Happy Thoughts by Wendy Holcomb
For a young woman with a myriad of health issues Wendy Holcomb is one of the most spunky, positive people I’ve encountered on the blog-o-sphere. In her own words:
“I have a few chronic illnesses that are a part of my life: Meniere’s Disease (this has caused severe hearing loss), Gluten Intolerance, Fructose Malabsorption, chronic migraines, Hypothyroidism, Hypoglycemia, chronic pelvic pain, Bi-Polar II Disorder and chronic hip trouble. However, I’m determined to
find a way to live an active, useful, and happy life!“
How does Wendy remain so positive? What makes us happy? What makes us unhappy? All the psychology research FINALLY being done on happiness (instead of despair, decay and decadence) appears to have common threads.
University of California psychologist Sonja Lyubomirsky finds that “. . .practicing acts of kindness both random (let that harried mom go ahead of you in the checkout line) and systematic (bring Sunday supper to an elderly neighbor) triggers a cascade of positive [neurochemical] effects—it makes you feel generous and capable, gives you a greater sense of connection with others and wins you smiles, approval and reciprocated kindness—all happiness boosters.”
Psychologist Martin Seligman provides the acronym PERMA to summarize Positive Psychology’s correlational findings: Humans seem happiest when they have
- Pleasure (tasty foods, warm baths, etc.)
- Engagement (or flow, the absorption of an enjoyed yet challenging activity)
- Relationships (social ties have turned out to be extremely reliable indicator of happiness)
- Meaning (a perceived quest or belonging to something bigger)
- Accomplishments (having realized tangible goals).
There is also a growing body of evidence that correlates “contentment” with just three things:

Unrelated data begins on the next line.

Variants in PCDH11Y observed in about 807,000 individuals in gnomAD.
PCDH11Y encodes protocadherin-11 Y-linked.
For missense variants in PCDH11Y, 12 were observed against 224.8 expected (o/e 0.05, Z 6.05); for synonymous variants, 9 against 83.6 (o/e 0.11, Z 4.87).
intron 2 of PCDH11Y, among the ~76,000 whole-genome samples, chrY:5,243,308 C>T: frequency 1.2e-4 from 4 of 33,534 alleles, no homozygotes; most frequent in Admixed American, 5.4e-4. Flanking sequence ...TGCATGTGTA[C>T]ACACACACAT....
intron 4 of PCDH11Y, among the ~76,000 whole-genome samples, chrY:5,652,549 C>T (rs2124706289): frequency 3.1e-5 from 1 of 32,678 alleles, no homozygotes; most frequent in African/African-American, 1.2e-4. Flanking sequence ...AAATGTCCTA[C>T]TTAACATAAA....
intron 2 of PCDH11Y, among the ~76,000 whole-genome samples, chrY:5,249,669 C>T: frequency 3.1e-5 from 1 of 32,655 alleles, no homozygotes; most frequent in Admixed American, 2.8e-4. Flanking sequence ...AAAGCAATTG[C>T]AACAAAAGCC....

- A sense of belonging (a community, faith group, family)
- The ability to contribute artistically (self-expression in any form)
- Service (to others).
Personally I will take the 3. For me it seems that the 3 encompass just about everything else.
What do you think?
Check out Wendy’s blogs:
Bloodshot eyes, green nose
Don’t let him step on your toes
It hurts, heaven knows
On the tutorial page (which I will be redoing to make it more “user friendly”) there is an exercise on drawing your own inner critic. Here’s a fantabulous picture that Wendy Holcomb drew of her inner critic, Mr Notgoodenuf, which I “stole” from her blog . . .CreateToHeal
Wendy has Meniere’s Disease (among many other things) and is having major surgery to help her vertigo GO. It’s on December 1st. She had the same surgery on her other ear and it helped so keep your toes crossed.
Please keep her in your thoughts and prayers for
a successful surgery and speedy recovery.
P.S. To Wendy: Don’t do Mr Goodenough in! He might be there to help you but he’s just been doing it in the wrong way. Talk to him and let him know how he can be helpful and maybe he’ll change his name! I see it happening every day! Anyone that colorful has potential.
Check out Wendy’s new blog! Here’s what she’s doing in her own words and a few of her scribble pictures. She explains the exercises that YOU can try too!
P.S. Check out the polka-dotted fingernails that coordinate with the bikini top on her blog.
Why Create To Heal?
“Art can be therapeutic.
I am not an Art Therapist, I am simply someone who uses art to help deal with the day to day trials of living with a chronic illness.
My goal is to create something every day! Draw, Paint, Make a Collage, Take a Picture, Create a Recipe…anything.
I may not be able to post every day. However, I will try to post every thing I’ve created. (so some days you may get one day’s worth of creation, other days you may get many.)
When one lives with a chronic illness some days it can be hard to accomplish anything. Having this goal to create something every day, gives me something to strive for. It also gives me an outlet to share how living with a chronic illness affects me.”
Subscribe to her brand new blog!